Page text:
The Armenian authorities are unlikely to hold a planned referendum on their controversial bid to oust most members of the country’s Constitutional Court until they defeat the coronavirus epidemic, a pro-government lawmaker said on Thursday.
Armenians were scheduled to vote on April 5 on draft constitutional amendments ending the powers of seven of the nine Constitutional Court judges who had for months been under strong government pressure to resign.
Prime Minister Nikol Pashinian has repeatedly accused them -- and Constitutional Court Chairman Hrayr Tovmasian in particular -- of maintaining ties to the “corrupt former regime” and impeding judicial reforms. Tovmasian and opposition figures have dismissed these claims, saying that Pashinian is simply seeking to gain control over Armenia’s highest court.
Also, leading opposition parties have said that the proposed amendments run counter to other articles of the Armenian constitution.
Pashinian officially launched his campaign for a “Yes” vote in the referendum on March 10 but had to end it a week later amid a rapid spread of coronavirus in Armenia which led his government to declare a state of emergency. Under Armenian law, no elections or referendums can held during emergency rule.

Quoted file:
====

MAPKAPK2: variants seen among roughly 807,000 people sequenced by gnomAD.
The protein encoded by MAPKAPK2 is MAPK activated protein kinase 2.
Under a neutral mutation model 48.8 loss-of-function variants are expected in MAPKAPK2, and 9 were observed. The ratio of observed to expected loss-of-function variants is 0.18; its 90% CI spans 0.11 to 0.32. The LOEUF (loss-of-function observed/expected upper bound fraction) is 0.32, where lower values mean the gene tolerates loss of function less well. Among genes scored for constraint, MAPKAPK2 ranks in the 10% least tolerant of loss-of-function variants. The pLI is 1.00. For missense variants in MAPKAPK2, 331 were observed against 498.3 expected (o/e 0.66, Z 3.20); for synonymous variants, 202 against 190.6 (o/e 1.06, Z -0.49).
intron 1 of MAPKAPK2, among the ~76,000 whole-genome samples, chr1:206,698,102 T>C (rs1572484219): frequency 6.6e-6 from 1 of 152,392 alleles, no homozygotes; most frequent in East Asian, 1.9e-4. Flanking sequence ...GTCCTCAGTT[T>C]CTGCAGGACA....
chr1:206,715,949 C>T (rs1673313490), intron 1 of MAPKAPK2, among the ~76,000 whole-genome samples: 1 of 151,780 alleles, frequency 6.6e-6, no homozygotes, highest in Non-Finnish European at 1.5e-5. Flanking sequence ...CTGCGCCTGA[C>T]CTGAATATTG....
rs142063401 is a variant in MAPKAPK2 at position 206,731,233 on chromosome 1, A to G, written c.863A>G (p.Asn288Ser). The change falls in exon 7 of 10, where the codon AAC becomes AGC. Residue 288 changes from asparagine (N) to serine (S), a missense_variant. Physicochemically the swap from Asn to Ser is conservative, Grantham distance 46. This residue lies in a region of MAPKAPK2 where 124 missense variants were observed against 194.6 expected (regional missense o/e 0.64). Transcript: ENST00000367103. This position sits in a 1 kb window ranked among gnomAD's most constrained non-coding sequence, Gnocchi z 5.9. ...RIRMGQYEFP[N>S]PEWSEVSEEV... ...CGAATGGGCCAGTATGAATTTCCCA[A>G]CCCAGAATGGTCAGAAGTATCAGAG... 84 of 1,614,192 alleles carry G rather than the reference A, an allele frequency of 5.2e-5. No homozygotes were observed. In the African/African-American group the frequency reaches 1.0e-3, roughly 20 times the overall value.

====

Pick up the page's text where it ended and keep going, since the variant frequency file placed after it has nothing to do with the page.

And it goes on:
The government has yet to announce whether it will again extend the state of emergency which expires on May 14. A decision to end it would require the holding of the constitutional referendum in between 50 and 65 days’ time.
“I think that as long as the health of our citizens remains in danger in this coronavirus situation we will not take a risk and hold the referendum,” said Hrach Hakobian, a parliament deputy from the ruling My Step bloc.
“The [Constitutional Court] problem remains and it has not been resolved, but the health of our citizens is more important for us than other issues,” he told RFE/RL’s Armenian service.
The spread of coronavirus in Armenia has continued unabated after the government essentially lifted a nationwide lockdown on Monday. The Armenian Ministry of Health reported on Thursday morning 102 new COVID-19 cases and two more deaths caused by the virus. The total number of cases thus reached 2,884.
Hakobian, who is also Pashinian’s brother-in-law, said that the authorities are now considering various ways of ending what they call a “constitutional crisis.” “I can’t tell which options we are now discussing,” he said. “There are options and we are discussing them.”
Pashinian said last month that despite the coronavirus outbreak he remains determined to replace the Constitutional Court judges who had been installed by Armenia’s previous governments. But he did not elaborate.